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Clin Microbiol Rev. 2018 Mar 14;31(2). pii: e00021-17. doi: 10.1128/CMR.00021-17. Print 2018 Apr.

Understanding Clostridium difficile Colonization.

Author information

1
Department of Medical Microbiology, Centre for Infectious Diseases, Leiden University Medical Centre, Leiden, the Netherlands m.j.t.crobach@lumc.nl.
2
Department of Microbiology, Leeds Teaching Hospitals NHS Trust & University of Leeds, Leeds, United Kingdom.
3
Division of Infectious Diseases, Department of Medicine, McGill University Health Centre, McGill University, Montréal, Québec, Canada.
4
Department of Medical Microbiology, McGill University Health Centre, McGill University, Montréal, Québec, Canada.
5
Unités Bactéries Pathogènes et Santé (UBaPS), Université Paris-Sud, Université Paris-Saclay, Châtenay-Malabry, France.
6
Department of Medical Microbiology, Centre for Infectious Diseases, Leiden University Medical Centre, Leiden, the Netherlands.

Abstract

Clostridium difficile is the main causative agent of antibiotic-associated and health care-associated infective diarrhea. Recently, there has been growing interest in alternative sources of C. difficile other than patients with Clostridium difficile infection (CDI) and the hospital environment. Notably, the role of C. difficile-colonized patients as a possible source of transmission has received attention. In this review, we present a comprehensive overview of the current understanding of C. difficile colonization. Findings from gut microbiota studies yield more insights into determinants that are important for acquiring or resisting colonization and progression to CDI. In discussions on the prevalence of C. difficile colonization among populations and its associated risk factors, colonized patients at hospital admission merit more attention, as findings from the literature have pointed to their role in both health care-associated transmission of C. difficile and a higher risk of progression to CDI once admitted. C. difficile colonization among patients at admission may have clinical implications, although further research is needed to identify if interventions are beneficial for preventing transmission or overcoming progression to CDI.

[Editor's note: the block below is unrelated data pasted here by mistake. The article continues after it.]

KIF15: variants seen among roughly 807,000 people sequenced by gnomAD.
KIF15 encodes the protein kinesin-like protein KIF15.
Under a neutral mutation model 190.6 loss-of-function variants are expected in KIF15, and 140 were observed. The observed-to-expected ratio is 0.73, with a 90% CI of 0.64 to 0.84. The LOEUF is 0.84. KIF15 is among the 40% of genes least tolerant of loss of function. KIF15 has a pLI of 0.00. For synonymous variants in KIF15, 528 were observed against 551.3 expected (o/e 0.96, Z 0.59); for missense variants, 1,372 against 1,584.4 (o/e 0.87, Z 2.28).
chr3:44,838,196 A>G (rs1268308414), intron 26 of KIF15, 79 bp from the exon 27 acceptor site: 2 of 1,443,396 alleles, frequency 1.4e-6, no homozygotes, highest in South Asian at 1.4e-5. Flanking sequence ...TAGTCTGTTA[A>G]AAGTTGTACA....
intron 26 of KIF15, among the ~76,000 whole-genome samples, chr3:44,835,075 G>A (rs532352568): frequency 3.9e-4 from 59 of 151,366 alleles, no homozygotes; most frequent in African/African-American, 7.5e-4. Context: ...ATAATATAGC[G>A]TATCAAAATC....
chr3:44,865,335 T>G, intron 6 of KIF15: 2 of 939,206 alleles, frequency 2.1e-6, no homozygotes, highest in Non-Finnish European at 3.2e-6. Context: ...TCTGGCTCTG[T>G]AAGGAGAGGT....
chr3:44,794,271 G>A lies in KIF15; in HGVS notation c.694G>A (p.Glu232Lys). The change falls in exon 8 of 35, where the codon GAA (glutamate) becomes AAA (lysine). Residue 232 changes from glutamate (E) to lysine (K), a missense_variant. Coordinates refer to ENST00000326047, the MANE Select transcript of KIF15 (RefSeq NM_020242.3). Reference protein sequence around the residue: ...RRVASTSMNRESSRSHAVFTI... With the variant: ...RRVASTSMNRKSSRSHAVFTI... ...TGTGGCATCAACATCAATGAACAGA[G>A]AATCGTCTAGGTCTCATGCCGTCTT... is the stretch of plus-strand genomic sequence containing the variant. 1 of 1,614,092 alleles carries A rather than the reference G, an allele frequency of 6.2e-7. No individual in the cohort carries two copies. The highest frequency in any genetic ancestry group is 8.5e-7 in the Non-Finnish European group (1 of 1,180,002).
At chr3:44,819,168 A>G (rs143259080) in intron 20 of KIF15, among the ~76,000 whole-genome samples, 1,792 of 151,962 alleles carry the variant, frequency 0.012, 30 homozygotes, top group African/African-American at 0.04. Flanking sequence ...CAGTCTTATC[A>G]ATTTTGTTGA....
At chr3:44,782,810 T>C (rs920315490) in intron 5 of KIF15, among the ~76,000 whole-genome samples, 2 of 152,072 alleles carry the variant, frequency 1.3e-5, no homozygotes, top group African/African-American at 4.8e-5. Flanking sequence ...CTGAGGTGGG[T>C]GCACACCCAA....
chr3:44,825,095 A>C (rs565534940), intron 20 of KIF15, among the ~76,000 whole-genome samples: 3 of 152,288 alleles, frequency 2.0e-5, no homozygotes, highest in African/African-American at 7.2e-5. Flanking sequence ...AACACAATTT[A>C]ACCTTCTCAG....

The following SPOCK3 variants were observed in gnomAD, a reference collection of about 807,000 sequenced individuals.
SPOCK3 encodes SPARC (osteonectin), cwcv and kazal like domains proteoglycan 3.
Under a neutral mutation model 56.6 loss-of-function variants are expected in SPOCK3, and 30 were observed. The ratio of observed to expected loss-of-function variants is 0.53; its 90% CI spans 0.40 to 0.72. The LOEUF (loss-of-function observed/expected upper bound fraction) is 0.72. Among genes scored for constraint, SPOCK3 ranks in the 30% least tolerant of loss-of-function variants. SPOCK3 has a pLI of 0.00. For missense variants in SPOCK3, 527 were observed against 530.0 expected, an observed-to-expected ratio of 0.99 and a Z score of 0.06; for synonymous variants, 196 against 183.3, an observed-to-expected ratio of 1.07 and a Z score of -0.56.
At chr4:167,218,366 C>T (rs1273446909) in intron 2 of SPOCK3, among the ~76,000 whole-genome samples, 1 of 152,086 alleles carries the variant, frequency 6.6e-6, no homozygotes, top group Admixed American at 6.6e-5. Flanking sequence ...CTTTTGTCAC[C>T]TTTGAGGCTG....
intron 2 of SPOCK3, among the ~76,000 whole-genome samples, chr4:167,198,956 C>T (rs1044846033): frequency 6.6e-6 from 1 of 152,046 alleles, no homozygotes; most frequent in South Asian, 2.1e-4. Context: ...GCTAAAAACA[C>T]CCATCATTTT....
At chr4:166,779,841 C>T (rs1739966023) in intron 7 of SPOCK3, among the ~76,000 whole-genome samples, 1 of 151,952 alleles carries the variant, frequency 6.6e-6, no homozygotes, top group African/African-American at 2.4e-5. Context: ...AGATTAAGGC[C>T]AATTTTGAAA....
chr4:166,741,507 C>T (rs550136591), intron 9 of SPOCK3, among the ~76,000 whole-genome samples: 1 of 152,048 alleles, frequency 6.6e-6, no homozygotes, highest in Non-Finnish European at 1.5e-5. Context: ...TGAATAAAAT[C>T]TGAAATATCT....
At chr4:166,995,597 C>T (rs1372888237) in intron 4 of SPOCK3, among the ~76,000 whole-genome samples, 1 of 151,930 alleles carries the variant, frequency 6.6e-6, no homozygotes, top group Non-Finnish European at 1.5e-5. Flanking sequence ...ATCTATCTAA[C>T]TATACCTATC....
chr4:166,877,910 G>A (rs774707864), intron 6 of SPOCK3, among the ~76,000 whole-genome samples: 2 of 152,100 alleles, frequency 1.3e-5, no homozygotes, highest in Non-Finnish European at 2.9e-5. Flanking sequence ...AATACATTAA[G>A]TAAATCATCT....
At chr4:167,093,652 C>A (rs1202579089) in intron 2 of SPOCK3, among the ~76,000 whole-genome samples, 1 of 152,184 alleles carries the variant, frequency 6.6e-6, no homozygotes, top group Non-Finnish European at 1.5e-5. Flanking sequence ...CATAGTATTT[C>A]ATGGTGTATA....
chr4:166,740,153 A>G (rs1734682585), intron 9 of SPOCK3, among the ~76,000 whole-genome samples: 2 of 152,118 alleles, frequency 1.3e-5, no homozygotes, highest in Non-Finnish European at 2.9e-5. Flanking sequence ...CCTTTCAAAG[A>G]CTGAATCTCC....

KEYWORDS:

Clostridium difficile; health care-associated infections; intestinal colonization

PMID:
29540433
PMCID:
PMC5967689
DOI:
10.1128/CMR.00021-17
[Indexed for MEDLINE]
Free PMC Article

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